‘I’ve always been a creative risk-taker…’
Top interior designer Tony Torres shares some insights from over two decades of transforming people’s homes.
By Mark Cox
Unlike the other fledgling contestants, ‘the designer within’ caught you 20 years into a successful career. What was your motivation for applying?
It was kind of a fluke, really. An architect friend told me about the show, and I was really intrigued by the idea. At that point, I had already done around a dozen designer show homes in Denver – and I really enjoyed doing projects without a client, since you get to express yourself more fully. Generally, of course, you have a husband, a wife, maybe some kids, and everyone has an opinion. And that’s fine: my role is to help put together my client’s vision for what they want their home to be, so my work absolutely should reflect their tastes and personality. But this was an opportunity to indulge my own vision.
How was your business going at the time?
Remember, this show was made at the height of the economic recession in 2009, which was pretty devastating. I had weathered previous recessions fairly comfortably because my higher-end clients still tended to have ready money to spend, but this time was different. My business income dropped 75 percent in 2009, and only picked up a little in 2010. So when the show came along, I thought it was both an interesting idea and a good marketing opportunity.
You seem to be completely enthralled by design. Where does that come from?
It always fascinated me, and I was lucky to have a good education. During my college years in Chicago, for example, I was exposed to a whole world of design I hadn’t known existed. And for years now, I’ve been visiting my New York apartment twice a year because things out there are right at the forefront of what will be happening in the design world in years to come. It’s always on my mind: I literally take a photograph with my brain of everything I see, and am always searching for new ideas and approaches. So it’s more than just a job to me: Design is my vocation.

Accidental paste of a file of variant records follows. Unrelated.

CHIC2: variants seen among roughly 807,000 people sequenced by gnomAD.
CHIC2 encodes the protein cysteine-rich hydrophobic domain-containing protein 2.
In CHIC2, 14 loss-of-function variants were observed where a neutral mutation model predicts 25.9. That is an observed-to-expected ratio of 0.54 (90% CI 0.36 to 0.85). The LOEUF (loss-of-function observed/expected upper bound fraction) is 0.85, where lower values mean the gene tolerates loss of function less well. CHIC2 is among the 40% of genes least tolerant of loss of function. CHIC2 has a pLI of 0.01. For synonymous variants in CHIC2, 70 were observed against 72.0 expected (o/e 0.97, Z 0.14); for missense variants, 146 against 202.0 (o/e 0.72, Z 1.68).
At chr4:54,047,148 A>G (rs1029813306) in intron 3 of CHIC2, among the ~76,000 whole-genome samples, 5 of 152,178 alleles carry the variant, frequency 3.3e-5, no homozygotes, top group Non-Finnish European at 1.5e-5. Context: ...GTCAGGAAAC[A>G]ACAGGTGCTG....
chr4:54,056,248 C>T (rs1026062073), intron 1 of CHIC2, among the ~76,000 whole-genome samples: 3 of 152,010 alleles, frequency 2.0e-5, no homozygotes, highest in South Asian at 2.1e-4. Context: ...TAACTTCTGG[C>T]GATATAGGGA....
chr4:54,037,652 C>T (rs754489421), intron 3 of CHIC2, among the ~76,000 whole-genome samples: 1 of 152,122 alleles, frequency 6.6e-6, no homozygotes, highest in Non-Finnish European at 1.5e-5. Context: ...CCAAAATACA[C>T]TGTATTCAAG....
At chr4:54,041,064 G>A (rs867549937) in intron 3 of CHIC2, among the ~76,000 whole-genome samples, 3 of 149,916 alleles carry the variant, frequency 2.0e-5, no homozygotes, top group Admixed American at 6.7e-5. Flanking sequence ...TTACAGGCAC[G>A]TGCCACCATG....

Your finished apartment didn’t look at all like a typical Denver home. Was that deliberate?
Absolutely. I love Denver – my father’s family has lived in Colorado for over 500 years – but until recently the city had a reputation for being a bit of a cow town and not very sophisticated, and I was determined to show it could be much more than that. I wanted my apartment to be atypical of this region, so I created the persona of a fictitious fashion designer, then tried to capture and harness the creative elements that such a person might have in their lived environment. I imagined the space as both a home and a workspace – which is ironic because now so many of us are working from home.
Speaking of homes, what is Casa Torres like?
I live in one of the oldest homes in Denver and my living room is an actual ballroom, beautifully decorated in an ornate style. It looks like Versailles come to life, which can make for some interesting Zoom conversations now that I’m working from home. I still enjoy the open-mouthed look on people’s faces when I answer video calls.
You’re unquestionably a creative risk-taker and seem unafraid to make bold decisions. Has that always been core to your approach?